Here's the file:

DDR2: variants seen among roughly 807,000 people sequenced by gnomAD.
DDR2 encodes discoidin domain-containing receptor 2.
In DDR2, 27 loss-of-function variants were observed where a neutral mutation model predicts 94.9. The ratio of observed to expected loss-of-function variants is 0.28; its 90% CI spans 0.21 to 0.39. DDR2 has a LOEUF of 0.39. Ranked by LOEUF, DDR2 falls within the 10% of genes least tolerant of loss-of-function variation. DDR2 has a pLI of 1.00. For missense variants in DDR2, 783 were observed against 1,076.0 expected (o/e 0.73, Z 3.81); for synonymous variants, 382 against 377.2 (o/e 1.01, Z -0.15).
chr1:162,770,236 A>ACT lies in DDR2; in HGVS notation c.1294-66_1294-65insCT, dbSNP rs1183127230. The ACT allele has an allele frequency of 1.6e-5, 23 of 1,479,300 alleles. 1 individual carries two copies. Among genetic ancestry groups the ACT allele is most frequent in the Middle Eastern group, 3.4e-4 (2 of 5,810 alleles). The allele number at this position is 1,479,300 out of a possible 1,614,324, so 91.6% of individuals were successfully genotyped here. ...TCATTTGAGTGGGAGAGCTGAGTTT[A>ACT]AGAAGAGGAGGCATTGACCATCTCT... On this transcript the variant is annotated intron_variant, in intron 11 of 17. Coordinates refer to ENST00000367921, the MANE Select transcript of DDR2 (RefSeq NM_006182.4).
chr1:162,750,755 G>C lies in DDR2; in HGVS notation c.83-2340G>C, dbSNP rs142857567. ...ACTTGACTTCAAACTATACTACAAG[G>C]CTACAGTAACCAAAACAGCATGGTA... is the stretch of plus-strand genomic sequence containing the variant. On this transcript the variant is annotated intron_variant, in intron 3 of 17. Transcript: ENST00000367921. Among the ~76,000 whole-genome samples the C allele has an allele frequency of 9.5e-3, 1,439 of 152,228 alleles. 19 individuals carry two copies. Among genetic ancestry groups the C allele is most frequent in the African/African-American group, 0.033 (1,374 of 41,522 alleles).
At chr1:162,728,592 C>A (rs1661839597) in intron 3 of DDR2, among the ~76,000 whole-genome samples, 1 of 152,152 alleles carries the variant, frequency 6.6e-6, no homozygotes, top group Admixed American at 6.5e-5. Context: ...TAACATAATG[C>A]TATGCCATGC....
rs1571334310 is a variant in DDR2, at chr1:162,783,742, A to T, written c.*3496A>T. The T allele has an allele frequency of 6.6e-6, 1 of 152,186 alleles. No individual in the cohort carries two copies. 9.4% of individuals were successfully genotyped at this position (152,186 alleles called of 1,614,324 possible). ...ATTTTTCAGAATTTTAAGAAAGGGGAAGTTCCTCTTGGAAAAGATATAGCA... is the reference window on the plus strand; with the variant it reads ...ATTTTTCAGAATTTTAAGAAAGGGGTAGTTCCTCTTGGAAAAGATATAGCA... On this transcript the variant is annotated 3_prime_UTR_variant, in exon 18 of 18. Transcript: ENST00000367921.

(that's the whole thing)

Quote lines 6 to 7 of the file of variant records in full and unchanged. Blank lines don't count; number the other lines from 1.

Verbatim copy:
At chr1:162,728,592 C>A (rs1661839597) in intron 3 of DDR2, among the ~76,000 whole-genome samples, 1 of 152,152 alleles carries the variant, frequency 6.6e-6, no homozygotes, top group Admixed American at 6.5e-5. Context: ...TAACATAATG[C>A]TATGCCATGC....
rs1571334310 is a variant in DDR2, at chr1:162,783,742, A to T, written c.*3496A>T. The T allele has an allele frequency of 6.6e-6, 1 of 152,186 alleles. No individual in the cohort carries two copies. 9.4% of individuals were successfully genotyped at this position (152,186 alleles called of 1,614,324 possible). ...ATTTTTCAGAATTTTAAGAAAGGGGAAGTTCCTCTTGGAAAAGATATAGCA... is the reference window on the plus strand; with the variant it reads ...ATTTTTCAGAATTTTAAGAAAGGGGTAGTTCCTCTTGGAAAAGATATAGCA... On this transcript the variant is annotated 3_prime_UTR_variant, in exon 18 of 18. Transcript: ENST00000367921.